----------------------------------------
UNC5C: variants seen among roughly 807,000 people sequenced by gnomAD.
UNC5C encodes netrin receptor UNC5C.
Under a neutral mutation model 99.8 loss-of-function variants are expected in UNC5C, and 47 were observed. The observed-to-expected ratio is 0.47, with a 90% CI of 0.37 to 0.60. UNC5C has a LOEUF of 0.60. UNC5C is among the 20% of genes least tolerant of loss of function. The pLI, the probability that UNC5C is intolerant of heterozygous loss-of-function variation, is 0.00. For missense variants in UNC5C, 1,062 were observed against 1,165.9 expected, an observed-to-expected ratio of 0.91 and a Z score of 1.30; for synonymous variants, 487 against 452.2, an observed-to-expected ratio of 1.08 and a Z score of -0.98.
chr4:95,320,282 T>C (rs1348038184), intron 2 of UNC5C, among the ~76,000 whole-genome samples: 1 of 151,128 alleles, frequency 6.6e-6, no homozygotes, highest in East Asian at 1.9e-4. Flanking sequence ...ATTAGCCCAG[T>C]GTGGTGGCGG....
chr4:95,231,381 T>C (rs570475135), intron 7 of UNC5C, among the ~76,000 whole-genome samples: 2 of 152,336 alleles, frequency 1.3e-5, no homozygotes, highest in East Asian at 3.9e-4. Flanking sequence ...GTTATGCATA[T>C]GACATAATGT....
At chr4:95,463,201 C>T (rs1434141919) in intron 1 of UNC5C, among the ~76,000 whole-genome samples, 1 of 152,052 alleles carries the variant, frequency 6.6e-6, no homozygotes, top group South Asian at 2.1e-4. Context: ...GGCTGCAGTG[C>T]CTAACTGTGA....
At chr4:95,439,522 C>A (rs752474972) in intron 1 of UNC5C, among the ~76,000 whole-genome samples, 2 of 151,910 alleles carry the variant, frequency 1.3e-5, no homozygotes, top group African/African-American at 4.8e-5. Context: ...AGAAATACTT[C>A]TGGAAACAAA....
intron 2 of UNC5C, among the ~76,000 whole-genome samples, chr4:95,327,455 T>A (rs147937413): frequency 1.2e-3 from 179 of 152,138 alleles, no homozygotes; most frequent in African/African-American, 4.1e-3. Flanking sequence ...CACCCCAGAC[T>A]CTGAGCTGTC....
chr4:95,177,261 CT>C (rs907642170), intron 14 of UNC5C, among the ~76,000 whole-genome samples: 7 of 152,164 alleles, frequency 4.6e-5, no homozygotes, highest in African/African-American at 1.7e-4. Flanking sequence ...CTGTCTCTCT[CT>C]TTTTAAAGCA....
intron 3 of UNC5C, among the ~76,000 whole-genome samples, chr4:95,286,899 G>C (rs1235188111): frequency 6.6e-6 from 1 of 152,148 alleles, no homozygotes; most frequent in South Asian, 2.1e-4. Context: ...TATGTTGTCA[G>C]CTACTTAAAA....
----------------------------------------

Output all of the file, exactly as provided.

UNC5C: variants seen among roughly 807,000 people sequenced by gnomAD.
UNC5C encodes netrin receptor UNC5C.
Under a neutral mutation model 99.8 loss-of-function variants are expected in UNC5C, and 47 were observed. The observed-to-expected ratio is 0.47, with a 90% CI of 0.37 to 0.60. UNC5C has a LOEUF of 0.60. UNC5C is among the 20% of genes least tolerant of loss of function. The pLI, the probability that UNC5C is intolerant of heterozygous loss-of-function variation, is 0.00. For missense variants in UNC5C, 1,062 were observed against 1,165.9 expected, an observed-to-expected ratio of 0.91 and a Z score of 1.30; for synonymous variants, 487 against 452.2, an observed-to-expected ratio of 1.08 and a Z score of -0.98.
chr4:95,320,282 T>C (rs1348038184), intron 2 of UNC5C, among the ~76,000 whole-genome samples: 1 of 151,128 alleles, frequency 6.6e-6, no homozygotes, highest in East Asian at 1.9e-4. Flanking sequence ...ATTAGCCCAG[T>C]GTGGTGGCGG....
chr4:95,231,381 T>C (rs570475135), intron 7 of UNC5C, among the ~76,000 whole-genome samples: 2 of 152,336 alleles, frequency 1.3e-5, no homozygotes, highest in East Asian at 3.9e-4. Flanking sequence ...GTTATGCATA[T>C]GACATAATGT....
At chr4:95,463,201 C>T (rs1434141919) in intron 1 of UNC5C, among the ~76,000 whole-genome samples, 1 of 152,052 alleles carries the variant, frequency 6.6e-6, no homozygotes, top group South Asian at 2.1e-4. Context: ...GGCTGCAGTG[C>T]CTAACTGTGA....
At chr4:95,439,522 C>A (rs752474972) in intron 1 of UNC5C, among the ~76,000 whole-genome samples, 2 of 151,910 alleles carry the variant, frequency 1.3e-5, no homozygotes, top group African/African-American at 4.8e-5. Context: ...AGAAATACTT[C>A]TGGAAACAAA....
intron 2 of UNC5C, among the ~76,000 whole-genome samples, chr4:95,327,455 T>A (rs147937413): frequency 1.2e-3 from 179 of 152,138 alleles, no homozygotes; most frequent in African/African-American, 4.1e-3. Flanking sequence ...CACCCCAGAC[T>A]CTGAGCTGTC....
chr4:95,177,261 CT>C (rs907642170), intron 14 of UNC5C, among the ~76,000 whole-genome samples: 7 of 152,164 alleles, frequency 4.6e-5, no homozygotes, highest in African/African-American at 1.7e-4. Flanking sequence ...CTGTCTCTCT[CT>C]TTTTAAAGCA....
intron 3 of UNC5C, among the ~76,000 whole-genome samples, chr4:95,286,899 G>C (rs1235188111): frequency 6.6e-6 from 1 of 152,148 alleles, no homozygotes; most frequent in South Asian, 2.1e-4. Context: ...TATGTTGTCA[G>C]CTACTTAAAA....